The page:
The Crisis In Venezuela Is Worsening. Here’s What You Should Know Right Now
It’s been over a month since the Venezuelan National Assembly enacted a part of the constitution to declare National Assembly President Juan Guaidó as the interim president of Venezuela setting off what has been a tumultuous last few weeks. Guaidó has been challenging the legitimacy of sitting President Nicolás Maduro which has resulted in a standoff between the two leaders. The clash of powers and U.S. involvement has plunged the already crisis-ridden country into new depths of chaos. So how did we get here and what’s next for Venezuela?
Government and opposition forces are struggling for political power in Venezuela, a country facing economic chaos and widespread shortages.
After President Maduro was sworn in to a second six-year term in office in early January, Guaidó, 35, declared himself acting president shortly after. By directly challenging Maduro, Guaidó set off a chain of protests and political opposition that have rattled Venezuela.
The country is in the midst of a growing economic crisis that has created a humanitarian crisis. Millions of residents are unable to afford food and medicine which has made the Maduro-Guaidó situation more dire. This downfall began during Maduros’ first term as president back in 2013 as the Venezuelan economy turned south.
These rapidly worsening conditions have led to many Venezuelans leaving the country. Since 2015, more than 3 million have left in search of better opportunities elsewhere, primarily in bordering Colombia.
Residents have taken to the streets over the last month to show their displeasure with Maduro.
Protests have been occurring in Venezuela more frequently since Maduro was re-elected in January. Many call his re-election a sham due to many opposition candidates being barred from running or even jailed. Venezuela’s opposition-controlled National Assembly refused to recognize the election results, calling the election a sham and the presidency vacant. Under Venezuelan rule, since Guaidó is the head of the National Assembly, he took over as acting president in such cases.
The controversial election had many Venezuelans angry and looked toward a new voice. Guaidó, along with the U.S. and a number of other international leaders, say that Maduro isn’t the rightful president. While many are calling for Guaidó to lead, he still has very little power. To this point, Venezuelan forces have remained largely loyal to Maduro and few joined Guaidó’s attempt to take him down.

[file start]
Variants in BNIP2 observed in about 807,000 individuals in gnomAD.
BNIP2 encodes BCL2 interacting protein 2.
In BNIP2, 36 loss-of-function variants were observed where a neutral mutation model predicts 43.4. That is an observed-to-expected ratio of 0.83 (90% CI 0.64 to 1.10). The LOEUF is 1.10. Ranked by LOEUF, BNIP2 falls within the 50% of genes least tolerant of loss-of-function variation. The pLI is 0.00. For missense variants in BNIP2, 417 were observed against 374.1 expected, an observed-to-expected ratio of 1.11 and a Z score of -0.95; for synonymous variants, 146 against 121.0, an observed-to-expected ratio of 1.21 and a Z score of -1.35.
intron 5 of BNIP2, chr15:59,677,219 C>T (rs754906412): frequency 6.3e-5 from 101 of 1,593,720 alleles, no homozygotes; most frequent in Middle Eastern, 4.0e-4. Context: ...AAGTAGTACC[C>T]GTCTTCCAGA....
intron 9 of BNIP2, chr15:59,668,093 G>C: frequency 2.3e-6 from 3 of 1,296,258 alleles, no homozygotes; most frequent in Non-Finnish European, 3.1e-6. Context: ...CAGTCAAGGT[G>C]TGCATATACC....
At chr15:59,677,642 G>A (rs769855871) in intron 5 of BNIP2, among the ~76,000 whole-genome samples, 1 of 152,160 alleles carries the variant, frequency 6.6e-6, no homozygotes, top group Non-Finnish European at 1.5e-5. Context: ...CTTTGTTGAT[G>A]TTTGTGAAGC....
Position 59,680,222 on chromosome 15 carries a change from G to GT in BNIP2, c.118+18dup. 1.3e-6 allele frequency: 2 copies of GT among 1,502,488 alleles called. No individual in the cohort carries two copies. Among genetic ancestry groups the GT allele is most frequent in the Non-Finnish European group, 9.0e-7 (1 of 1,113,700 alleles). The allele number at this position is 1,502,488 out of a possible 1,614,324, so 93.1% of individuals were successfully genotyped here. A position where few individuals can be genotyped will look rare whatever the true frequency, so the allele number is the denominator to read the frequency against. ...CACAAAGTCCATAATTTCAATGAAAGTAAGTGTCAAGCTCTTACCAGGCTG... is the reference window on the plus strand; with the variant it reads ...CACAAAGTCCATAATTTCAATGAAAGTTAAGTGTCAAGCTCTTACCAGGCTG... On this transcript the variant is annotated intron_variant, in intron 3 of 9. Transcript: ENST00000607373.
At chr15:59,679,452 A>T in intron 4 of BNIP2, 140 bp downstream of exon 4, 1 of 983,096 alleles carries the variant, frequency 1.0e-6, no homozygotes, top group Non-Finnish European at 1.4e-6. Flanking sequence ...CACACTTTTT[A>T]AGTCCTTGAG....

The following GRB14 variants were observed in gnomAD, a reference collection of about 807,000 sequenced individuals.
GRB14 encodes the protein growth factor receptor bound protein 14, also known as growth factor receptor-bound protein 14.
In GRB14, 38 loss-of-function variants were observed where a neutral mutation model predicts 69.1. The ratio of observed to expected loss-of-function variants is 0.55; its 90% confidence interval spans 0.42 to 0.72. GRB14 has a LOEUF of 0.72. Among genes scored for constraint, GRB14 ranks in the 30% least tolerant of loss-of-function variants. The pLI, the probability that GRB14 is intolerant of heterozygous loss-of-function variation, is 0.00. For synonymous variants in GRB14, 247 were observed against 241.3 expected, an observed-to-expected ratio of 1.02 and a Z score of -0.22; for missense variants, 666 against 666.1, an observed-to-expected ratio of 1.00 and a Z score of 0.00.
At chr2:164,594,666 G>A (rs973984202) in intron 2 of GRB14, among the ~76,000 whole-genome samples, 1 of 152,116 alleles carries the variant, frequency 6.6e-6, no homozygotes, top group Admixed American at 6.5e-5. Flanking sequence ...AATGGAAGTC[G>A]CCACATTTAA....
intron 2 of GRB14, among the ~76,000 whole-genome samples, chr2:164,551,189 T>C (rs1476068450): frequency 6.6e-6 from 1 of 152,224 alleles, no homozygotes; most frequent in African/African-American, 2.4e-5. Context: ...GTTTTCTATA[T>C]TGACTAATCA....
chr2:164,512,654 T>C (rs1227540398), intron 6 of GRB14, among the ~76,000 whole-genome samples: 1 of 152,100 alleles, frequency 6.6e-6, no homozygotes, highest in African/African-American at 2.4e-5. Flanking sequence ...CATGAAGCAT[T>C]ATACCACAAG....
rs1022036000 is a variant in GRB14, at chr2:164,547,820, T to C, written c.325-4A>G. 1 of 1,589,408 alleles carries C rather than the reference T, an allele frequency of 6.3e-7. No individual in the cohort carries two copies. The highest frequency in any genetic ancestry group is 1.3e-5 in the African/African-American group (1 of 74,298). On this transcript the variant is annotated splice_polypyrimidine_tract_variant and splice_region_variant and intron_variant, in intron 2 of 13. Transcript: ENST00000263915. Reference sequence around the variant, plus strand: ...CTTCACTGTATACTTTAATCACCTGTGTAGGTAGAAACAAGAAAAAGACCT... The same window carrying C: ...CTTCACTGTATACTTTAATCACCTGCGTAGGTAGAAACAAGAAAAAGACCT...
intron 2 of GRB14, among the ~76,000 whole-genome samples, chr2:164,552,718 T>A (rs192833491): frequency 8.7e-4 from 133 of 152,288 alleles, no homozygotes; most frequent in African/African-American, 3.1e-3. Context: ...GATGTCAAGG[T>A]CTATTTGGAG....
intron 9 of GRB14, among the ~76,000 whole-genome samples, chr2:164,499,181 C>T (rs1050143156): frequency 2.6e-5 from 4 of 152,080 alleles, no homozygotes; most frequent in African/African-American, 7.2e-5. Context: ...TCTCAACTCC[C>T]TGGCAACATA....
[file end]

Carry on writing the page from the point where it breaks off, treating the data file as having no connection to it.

Even as people are killed and injured in the streets on Venezuela, Maduro has done very little to calm the situation and lead his people out of the crisis. While there are still some that support him, he is losing support as food and the need for medicine become critical issues.
The U.S. is getting involved in the crisis which has raised some questions.
The Trump administration was one of the first countries to come out in support of Guaidó, calling him the rightful president. The U.S. has since placed multiple sanctions on Venezuela’s oil reserves. Some have criticized the U.S. involvement with the crisis in Venezuela due of the history the U.S. has had meddling with other countries wars.
President Maduro views the U.S. as a foe and over the weekend continued to refuse it’s delivery of aid, calling it an attempt to gain power over his country. Despite multiple sanctions and even a visit from Vice President Mike Pence on Monday, Maduro refuses to let go of his power.
Things have gotten so bad that Univision anchor Jorge Ramos was detained after Maduro didn’t like some of his questions.
Ramos and five other staffers were held for about three hours while interviewing President Maduro on Monday. Reports say Maduro objected to Ramos’ questions about the current political crisis and quickly cut the interview short. Government aides reportedly confiscated the network’s equipment and hold the team’s footage of the interview.
The situation demonstrates the immense pressure and scrutiny President Maduro is under. While Ramos and his team were later released, the action show a clear picture that Maduro doesn’t want to be shown as anything but good for the people of Venezuela.
Where does the country go from here?
There are many forces at hand in the Venezuelan crisis that include forces inside and outside of the country. The number of military officials leaving President Maduro keeps increasing as they join the thousands leaving for Colombia. The U.S. will continue to send aid and back Guaidó to send a clear message to Maduro.
The real tragedy here is the suffering of the Venezuelan people who are looking for food and aid while the crisis persists. Residents have been seen looking through trashcans for food and are looting stores in desperation. With a failing economy, a corrupt leader at the helm, and rapidly growing inflation, change is desperately needed in Venezuela.
Venezuelans face a tough decision between protesting and exposing themselves to Maduro, stay in hiding, or joining the millions of Venezuelans who have already left the country behind.
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